Home Page
19 May 17

Croatia's Flag is One Magnificent Zoo

Borna Sor

What other country in the world would put three big cats on its flag? Have a guess.

Croatian flag. Photo; Wikimedia Commons/MaGa

Do you like animals? Well, you should, you are one. But do you like others too? Do you have pets that you treat like a family member, showing pictures of your «hairy children» to the world? Or are you just one of those millions of viewers that click on funny animal videos, share that singing goat video or use grumpy cat memes in your daily correspondence?

All of that is very normal and human. Loving and worshiping animals is an ancient tradition. From the Egyptian cat-headed goddess Bastet to America's animated icon Mickey Mouse, animals have been adored and anthropomorphized throughout history. Aesop's Fables, Lassie and Moby Dick are cornerstones of our fictional culture, while laws, political movements and education try to improve real live human-animal relations. Veganism, vegetarianism, green parties, biologist, ecologists and everyone's beloved David Attenborough are all working on the premise that we are all one.

And concerning identity of «one», nothing was more aspirational than the creation of states. The state was always trying to take «many» and create «one». Take millions of citizens and create «one country», or «one nation».  We are Rome! – yelled the consul to the plebs. No, we are the Huns – screamed Attila. We don't care, the world is so bleak – cried the Goths. A single identity for many people. A national anthem. A banner and a flag. Symbols to make people unified and proud.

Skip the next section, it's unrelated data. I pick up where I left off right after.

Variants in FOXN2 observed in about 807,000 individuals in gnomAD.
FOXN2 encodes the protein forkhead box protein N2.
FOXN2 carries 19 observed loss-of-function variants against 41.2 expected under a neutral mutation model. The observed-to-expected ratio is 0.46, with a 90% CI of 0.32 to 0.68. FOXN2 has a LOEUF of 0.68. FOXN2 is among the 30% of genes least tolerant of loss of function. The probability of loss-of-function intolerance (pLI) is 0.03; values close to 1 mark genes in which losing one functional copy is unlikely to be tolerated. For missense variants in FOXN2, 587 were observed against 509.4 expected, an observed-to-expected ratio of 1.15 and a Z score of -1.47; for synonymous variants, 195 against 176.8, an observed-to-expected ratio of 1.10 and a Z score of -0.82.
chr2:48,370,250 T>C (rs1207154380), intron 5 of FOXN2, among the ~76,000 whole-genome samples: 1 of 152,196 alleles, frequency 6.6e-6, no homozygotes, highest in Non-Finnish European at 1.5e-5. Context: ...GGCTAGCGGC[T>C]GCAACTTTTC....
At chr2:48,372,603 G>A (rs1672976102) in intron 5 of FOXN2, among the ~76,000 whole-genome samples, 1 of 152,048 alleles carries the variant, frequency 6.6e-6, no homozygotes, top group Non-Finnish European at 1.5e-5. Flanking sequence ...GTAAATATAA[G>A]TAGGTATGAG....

Even there, our love of animals followed. Sports clubs with their bulls, broncos, narwhals, raptors and aardvarks. Go honey badgers! Russia is depicted as a bear, the US as an eagle. The French are Gallic roosters, while Scotland picked the unicorn as its national symbol. You win Scotland, OK? The Welsh have dragons, the English their bulldogs, and half of the European nations use some sort of a double-headed eagle on their flags. You really should have a veterinarian check that.

But one country has gone overboard. Quick question. What country has not one, two, but three big cats on its national flag? Not on the coat-of-arms, or as the national symbol, but on the official flag, the one in front of the UN building. The one on the World Cup and the Olympics. Let me give you a tip. It is the same country that on the same national flag also has a goat and a weasel. A biologist would correct me and say it is not a weasel but a marten. Potato potato. I just realized that last phrase must be very strange to someone who never heard it spoken out loud. Potato potato.

So, do you have the answer? No? That’s fine, it is a newer flag, and the animals are in the details. This magnificent zoo is the national flag of Croatia. Croats have decided that the famous red-white-and-blue tricolor is overused. You know when you go somewhere special and someone is dressed like you? A lot of people don’t like that. Now imagine going somewhere nice, like Eurovision,  and not meeting just one person looking like you, but finding half of the room dressed almost identically - France, The Netherlands, Russia,  Czechia, Slovakia, Slovenia, Serbia, just to name the European ones.